“When I think about the beginning of everything, I think about going to my dad’s championship summer league game when I was a couple of days old,” Brodie said. “My mom just got out of the hospital, and she took me right to my dad’s championship game. I was on my first basketball court when I was a couple days old. I guess it was fate after that.”

Fate and a lot of people who influenced her along the way..

“The people I grew up around definitely shaped my interest and the person I am today,” Brodie said. “Just seeing my brother (Josh) grow up with a basketball in his hands and my dad coaching (as an assistant at Wissahickon) – it definitely shaped me, sparked my interest from the get go.”

Not surprisingly, Brodie was a baller from the get-go – beginning with a plastic play net on the sidelines of her father’s practices and evolving into the real thing when she signed up with Doylestown Athletic Association, initially playing travel with the guys – teammates with Tommy Kuypers, Brady and Cole Prezelski - before switching to the girls.

“If I never switched over to Doylestown Athletics, I wouldn’t have met some of my guy friends that I’m still best friends with today,” Brodie said. “If I never switched over to the girls, I would never have met (Central Bucks West’s) Maddie (Burke), Tori (Abelson) and Izzy (Treon) and all of them. It’s really cool looking back at how I was able to grow up playing with some of those girls, and for the past four years, they’ve been our biggest rivals.”

As for her high school experience – it’s best to let the South senior describe it.

“It really is hard to put into words,” Brodie said. “I say it all the time – those seniors were just amazing for me coming in as a freshman. As much of a cliché as it is, I truly think being part of CB South girls’ basketball has given me the best four years of my life. When I look back at the past four years, I’ll think of playing in four straight district tournaments, I’ll think about playing in Temple’s Liacouras Center for a district title and going to Hershey for a state championship.

“Outside of basketball, this program has given me an opportunity to spend time with some of the special needs kids that are part of the Athletes Helping Athletes organization. I’ll think about when we drove down to Philly to donate presents to a family in need.

“Some of those situations I wish ended differently, but at the end of the day, I can tell myself I got to experience them. Some of those games and some of moments people can only dream of, and being a part of this program let me live in those moments, I think that’s really special when I look back at it.”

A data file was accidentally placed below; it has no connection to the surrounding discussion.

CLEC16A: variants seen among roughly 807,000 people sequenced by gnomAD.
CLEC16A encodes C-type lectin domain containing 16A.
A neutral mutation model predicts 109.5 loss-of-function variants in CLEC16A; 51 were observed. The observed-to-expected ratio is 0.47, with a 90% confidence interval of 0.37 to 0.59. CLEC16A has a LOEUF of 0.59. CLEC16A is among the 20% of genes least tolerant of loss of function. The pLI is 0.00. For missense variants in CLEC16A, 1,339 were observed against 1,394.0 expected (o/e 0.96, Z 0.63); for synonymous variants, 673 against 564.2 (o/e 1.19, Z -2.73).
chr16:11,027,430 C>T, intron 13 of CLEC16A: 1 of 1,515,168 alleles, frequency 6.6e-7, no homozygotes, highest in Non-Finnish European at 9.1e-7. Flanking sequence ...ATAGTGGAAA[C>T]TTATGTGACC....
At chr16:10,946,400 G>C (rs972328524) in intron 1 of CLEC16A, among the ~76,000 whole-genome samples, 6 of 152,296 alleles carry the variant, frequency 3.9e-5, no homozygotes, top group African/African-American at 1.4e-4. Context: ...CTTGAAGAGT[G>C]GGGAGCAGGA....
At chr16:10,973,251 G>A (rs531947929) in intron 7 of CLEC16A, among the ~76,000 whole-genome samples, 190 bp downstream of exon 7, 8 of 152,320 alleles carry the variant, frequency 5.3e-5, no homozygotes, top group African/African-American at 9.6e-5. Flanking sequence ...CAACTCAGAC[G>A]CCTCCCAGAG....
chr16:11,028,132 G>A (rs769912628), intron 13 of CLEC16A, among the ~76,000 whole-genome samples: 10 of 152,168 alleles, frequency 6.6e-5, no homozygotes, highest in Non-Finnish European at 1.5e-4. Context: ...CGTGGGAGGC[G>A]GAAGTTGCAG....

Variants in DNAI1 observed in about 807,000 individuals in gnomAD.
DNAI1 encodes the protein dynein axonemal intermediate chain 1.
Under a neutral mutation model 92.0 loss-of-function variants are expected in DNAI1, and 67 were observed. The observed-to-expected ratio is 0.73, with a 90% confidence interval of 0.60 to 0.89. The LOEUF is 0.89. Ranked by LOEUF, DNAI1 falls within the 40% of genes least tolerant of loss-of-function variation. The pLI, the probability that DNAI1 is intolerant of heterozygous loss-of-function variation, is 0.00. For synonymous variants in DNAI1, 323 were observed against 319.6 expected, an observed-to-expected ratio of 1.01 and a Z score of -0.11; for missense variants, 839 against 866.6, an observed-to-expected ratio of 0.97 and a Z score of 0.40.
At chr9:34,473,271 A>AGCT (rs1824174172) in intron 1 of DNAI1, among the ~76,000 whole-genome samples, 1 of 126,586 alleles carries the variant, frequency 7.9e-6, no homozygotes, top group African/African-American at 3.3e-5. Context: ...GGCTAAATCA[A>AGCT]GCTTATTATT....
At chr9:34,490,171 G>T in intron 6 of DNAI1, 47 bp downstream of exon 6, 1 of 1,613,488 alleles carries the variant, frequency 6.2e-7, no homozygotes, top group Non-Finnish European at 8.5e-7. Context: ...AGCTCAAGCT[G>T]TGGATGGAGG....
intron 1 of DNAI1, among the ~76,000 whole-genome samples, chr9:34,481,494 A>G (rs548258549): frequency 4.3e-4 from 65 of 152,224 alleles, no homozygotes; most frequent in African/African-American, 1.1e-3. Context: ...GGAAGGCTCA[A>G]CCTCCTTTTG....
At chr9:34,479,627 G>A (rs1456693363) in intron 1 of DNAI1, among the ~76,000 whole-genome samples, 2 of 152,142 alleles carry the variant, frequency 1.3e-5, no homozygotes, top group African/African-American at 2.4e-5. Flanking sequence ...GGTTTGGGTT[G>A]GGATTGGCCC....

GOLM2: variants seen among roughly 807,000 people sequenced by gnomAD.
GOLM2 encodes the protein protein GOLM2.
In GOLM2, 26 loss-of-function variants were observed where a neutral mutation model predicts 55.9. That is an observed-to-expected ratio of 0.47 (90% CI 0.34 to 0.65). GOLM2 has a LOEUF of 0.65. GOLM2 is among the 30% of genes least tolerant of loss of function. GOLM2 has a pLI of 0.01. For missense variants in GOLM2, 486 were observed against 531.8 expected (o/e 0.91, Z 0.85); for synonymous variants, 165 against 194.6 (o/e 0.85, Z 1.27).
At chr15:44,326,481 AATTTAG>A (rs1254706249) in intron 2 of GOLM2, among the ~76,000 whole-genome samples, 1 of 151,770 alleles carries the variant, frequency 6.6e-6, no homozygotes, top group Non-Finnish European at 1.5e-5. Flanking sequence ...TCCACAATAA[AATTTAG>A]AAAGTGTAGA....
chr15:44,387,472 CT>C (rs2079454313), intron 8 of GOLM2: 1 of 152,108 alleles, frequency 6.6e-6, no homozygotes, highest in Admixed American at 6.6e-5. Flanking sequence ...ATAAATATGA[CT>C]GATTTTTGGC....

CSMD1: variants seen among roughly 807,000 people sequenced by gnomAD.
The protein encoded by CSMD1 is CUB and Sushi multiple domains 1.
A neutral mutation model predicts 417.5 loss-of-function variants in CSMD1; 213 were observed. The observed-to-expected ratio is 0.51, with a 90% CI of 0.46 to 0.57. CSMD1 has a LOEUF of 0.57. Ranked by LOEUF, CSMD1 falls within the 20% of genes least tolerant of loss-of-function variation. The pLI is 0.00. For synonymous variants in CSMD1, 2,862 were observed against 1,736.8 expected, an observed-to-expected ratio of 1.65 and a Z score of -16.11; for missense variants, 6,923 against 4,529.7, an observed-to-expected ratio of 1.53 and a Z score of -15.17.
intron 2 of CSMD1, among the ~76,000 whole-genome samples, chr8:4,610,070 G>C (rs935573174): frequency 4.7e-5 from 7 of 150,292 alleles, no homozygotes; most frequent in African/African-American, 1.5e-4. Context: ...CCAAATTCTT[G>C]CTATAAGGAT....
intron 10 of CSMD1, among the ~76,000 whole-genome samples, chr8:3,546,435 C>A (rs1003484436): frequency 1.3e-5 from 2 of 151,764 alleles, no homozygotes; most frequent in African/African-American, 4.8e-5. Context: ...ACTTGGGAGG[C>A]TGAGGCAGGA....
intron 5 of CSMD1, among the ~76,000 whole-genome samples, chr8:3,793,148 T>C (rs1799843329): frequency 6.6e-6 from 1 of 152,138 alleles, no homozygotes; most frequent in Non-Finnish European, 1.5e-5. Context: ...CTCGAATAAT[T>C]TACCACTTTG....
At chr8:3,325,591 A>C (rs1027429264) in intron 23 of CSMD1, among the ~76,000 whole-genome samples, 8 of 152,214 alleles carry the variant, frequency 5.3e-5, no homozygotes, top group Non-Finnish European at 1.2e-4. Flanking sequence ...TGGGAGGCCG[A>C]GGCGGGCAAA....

Brodie acknowledges that her senior year was markedly different than her first three.

“I had to be a lot of different things this year,” she said. “I had to mentor girls that had never played at a varsity level before. I knew that was going to be challenging coming into the season, but it was kind of the challenge I took on, and I enjoyed that.

“Looking back at it, it was probably individually one of the most successful years because of everything I had to deal with – an entirely new team. Obviously, I couldn’t have done it without the freshmen. They knew the challenges coming in, they took those challenges, and I was just there to guide them through it.”

As a senior, Brodie averaged 16.7 points a game, but according to Mattern, numbers don’t begin to tell the story.

“In the fall when we’re a whole bunch of people without any varsity experience and are new to the program – honestly, we spent so much of this season just really working on building skill sets,” the Titans’ coach said. “She had those skills, but she’s still out there in open gym working really hard, setting an example.”


Ask Brodie about her best high school memories, and she goes back to her junior season – a dream season that culminated with a trip to the state title game in Hershey where the Titans were edged by Upper Dublin (41-39).

“When we talk about that season, it’s nothing about games,” Brodie said. “We never talk about games. It’s always about those little moments during practice or the bus rides there.

“When we think of games, the first thing that comes to mind is that state semifinal game against North Allegheny. We went into that game knowing they were nationally ranked and hadn’t lost a game that season, and we did not care at all. We went into that game thinking it’s just as much our right as it is yours to win.